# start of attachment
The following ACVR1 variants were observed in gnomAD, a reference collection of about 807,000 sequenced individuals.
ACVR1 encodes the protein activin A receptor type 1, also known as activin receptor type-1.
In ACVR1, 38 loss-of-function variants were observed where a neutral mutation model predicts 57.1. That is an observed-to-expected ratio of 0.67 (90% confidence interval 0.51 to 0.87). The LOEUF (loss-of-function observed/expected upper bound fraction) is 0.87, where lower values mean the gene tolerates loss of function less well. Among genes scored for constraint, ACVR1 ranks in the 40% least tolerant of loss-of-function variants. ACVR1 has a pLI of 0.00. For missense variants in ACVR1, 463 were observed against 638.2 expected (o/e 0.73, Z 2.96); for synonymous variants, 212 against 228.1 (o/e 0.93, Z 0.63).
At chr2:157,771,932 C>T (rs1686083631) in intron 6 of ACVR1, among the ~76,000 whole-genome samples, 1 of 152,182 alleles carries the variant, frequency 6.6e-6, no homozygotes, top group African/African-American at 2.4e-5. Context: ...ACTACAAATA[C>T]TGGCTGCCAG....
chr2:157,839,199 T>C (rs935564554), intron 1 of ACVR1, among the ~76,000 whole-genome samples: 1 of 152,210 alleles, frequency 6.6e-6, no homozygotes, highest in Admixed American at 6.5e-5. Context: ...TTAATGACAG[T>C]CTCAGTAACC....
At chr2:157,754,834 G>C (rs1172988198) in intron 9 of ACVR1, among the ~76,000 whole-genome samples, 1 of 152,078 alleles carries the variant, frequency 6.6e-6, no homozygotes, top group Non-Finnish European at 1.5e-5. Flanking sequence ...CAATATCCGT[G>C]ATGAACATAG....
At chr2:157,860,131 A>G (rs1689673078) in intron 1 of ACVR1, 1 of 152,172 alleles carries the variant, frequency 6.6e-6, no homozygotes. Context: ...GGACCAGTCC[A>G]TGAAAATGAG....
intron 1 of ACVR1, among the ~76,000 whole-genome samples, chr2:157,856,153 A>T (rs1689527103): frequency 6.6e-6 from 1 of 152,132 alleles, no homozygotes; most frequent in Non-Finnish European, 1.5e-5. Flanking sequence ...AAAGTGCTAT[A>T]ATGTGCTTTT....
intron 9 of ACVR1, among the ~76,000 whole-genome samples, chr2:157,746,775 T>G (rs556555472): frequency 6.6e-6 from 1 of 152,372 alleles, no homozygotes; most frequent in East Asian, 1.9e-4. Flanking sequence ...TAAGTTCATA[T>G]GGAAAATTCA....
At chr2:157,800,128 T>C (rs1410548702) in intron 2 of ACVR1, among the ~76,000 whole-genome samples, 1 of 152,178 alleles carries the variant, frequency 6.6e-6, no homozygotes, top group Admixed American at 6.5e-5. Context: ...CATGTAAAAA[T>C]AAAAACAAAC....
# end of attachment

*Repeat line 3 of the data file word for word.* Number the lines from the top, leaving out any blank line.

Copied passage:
In ACVR1, 38 loss-of-function variants were observed where a neutral mutation model predicts 57.1. That is an observed-to-expected ratio of 0.67 (90% confidence interval 0.51 to 0.87). The LOEUF (loss-of-function observed/expected upper bound fraction) is 0.87, where lower values mean the gene tolerates loss of function less well. Among genes scored for constraint, ACVR1 ranks in the 40% least tolerant of loss-of-function variants. ACVR1 has a pLI of 0.00. For missense variants in ACVR1, 463 were observed against 638.2 expected (o/e 0.73, Z 2.96); for synonymous variants, 212 against 228.1 (o/e 0.93, Z 0.63).